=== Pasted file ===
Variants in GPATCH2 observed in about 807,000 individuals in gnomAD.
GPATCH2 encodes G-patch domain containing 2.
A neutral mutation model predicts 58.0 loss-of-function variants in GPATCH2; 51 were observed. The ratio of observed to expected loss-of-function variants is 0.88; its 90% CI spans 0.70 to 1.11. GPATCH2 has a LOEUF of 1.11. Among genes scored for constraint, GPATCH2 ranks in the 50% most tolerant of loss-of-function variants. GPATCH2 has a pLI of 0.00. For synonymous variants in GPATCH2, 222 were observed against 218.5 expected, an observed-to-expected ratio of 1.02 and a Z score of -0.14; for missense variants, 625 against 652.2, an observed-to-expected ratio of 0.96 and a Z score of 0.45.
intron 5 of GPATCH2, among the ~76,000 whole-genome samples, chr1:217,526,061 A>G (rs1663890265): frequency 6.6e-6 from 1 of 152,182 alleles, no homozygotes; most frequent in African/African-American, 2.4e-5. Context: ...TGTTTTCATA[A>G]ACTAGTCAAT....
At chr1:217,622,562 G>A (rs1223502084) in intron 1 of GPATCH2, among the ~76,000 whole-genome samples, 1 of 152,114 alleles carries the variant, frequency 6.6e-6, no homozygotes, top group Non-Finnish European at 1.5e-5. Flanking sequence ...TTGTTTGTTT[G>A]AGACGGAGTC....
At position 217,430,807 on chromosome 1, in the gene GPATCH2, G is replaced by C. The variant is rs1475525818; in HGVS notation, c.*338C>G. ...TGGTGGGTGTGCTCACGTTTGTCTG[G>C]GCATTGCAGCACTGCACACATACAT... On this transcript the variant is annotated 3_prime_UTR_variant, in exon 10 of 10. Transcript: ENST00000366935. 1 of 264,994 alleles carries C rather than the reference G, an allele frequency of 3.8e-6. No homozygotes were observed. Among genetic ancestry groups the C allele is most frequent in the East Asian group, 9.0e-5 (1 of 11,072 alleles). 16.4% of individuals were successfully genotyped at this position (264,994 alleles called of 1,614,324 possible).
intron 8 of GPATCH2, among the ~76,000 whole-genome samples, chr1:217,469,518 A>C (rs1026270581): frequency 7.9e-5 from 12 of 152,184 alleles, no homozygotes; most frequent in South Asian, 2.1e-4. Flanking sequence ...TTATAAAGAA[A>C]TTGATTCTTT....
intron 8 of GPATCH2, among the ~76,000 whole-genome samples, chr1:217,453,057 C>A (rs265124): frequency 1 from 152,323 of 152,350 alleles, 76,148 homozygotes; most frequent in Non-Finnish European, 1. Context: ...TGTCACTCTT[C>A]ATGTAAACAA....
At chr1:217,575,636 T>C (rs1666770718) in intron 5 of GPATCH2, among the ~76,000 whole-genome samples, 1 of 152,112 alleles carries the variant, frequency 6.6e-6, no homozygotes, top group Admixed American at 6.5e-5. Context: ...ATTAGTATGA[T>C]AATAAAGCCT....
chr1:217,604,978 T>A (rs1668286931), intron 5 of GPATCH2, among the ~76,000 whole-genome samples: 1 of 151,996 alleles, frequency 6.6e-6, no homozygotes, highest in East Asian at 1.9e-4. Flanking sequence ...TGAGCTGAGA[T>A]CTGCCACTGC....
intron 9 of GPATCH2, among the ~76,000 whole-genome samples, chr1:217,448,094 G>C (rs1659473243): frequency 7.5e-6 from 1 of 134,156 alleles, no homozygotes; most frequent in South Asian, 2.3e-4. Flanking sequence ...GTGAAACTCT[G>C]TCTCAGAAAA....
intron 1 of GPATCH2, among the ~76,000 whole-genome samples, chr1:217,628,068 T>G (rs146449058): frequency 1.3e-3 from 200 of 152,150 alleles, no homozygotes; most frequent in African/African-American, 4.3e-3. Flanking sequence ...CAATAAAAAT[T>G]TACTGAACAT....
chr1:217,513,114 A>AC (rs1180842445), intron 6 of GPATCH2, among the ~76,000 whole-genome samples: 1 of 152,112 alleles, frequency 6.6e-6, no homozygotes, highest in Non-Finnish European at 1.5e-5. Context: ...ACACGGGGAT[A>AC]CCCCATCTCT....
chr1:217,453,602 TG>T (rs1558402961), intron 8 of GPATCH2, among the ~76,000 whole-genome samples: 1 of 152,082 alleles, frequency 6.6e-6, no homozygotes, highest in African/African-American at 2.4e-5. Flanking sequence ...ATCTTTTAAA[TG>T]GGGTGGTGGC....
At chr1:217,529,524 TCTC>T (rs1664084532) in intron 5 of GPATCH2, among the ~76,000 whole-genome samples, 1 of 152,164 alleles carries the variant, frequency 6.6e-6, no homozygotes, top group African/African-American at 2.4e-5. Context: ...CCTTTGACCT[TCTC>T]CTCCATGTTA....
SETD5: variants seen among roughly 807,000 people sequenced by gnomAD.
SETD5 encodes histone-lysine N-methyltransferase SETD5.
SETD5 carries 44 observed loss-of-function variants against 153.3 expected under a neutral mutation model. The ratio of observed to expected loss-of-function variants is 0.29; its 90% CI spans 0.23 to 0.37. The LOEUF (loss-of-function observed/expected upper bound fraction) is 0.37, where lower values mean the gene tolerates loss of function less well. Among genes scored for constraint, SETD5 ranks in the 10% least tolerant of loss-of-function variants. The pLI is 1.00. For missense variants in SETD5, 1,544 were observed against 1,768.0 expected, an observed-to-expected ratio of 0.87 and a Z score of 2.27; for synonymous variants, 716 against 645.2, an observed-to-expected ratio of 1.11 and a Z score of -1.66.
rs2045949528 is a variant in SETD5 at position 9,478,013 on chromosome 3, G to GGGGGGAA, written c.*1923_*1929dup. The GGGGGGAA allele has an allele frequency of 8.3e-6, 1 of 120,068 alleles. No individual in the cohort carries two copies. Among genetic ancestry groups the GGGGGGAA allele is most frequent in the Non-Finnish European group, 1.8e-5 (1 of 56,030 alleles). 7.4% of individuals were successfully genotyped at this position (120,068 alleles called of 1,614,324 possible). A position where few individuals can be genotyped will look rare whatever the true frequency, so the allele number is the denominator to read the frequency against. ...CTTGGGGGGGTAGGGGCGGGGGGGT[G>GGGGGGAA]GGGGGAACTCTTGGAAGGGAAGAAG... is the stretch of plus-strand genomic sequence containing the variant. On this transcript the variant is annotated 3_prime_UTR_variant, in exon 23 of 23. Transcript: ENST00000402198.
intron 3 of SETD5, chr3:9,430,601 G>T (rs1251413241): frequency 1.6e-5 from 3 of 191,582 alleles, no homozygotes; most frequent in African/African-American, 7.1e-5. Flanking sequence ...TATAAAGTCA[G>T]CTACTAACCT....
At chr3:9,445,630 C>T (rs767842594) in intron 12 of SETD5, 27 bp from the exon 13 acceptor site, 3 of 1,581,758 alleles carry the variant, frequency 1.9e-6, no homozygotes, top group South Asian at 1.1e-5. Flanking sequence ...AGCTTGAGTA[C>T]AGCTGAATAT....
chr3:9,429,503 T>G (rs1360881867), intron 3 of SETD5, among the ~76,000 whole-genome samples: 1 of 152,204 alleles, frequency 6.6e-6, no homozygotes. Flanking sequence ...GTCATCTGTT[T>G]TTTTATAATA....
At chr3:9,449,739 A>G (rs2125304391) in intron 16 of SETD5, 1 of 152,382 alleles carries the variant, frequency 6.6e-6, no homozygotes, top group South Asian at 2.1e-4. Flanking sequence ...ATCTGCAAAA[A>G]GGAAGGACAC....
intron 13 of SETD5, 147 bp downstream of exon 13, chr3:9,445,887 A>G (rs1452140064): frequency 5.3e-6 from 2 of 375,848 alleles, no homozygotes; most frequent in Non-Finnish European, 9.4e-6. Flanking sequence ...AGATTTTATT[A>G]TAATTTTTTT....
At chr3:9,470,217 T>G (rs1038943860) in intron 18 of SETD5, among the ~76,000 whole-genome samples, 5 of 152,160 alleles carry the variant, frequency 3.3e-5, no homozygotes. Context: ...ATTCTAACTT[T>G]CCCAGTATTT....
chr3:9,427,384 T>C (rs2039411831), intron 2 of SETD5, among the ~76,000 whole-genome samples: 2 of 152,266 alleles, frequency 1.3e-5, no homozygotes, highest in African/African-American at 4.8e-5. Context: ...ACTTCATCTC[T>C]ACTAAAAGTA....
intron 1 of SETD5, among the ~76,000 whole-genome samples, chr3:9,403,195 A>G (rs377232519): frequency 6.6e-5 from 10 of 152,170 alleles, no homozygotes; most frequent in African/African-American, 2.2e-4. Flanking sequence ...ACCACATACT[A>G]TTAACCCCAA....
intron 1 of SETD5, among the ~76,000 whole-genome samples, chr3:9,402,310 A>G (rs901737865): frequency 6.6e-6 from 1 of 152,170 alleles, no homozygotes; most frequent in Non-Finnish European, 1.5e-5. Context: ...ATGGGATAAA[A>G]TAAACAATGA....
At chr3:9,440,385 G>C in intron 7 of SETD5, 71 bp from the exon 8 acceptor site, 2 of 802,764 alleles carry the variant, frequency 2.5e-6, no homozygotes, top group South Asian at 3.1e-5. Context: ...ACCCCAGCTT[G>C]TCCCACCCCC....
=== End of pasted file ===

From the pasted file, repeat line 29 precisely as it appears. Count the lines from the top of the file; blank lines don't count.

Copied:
At chr3:9,440,385 G>C in intron 7 of SETD5, 71 bp from the exon 8 acceptor site, 2 of 802,764 alleles carry the variant, frequency 2.5e-6, no homozygotes, top group South Asian at 3.1e-5. Context: ...ACCCCAGCTT[G>C]TCCCACCCCC....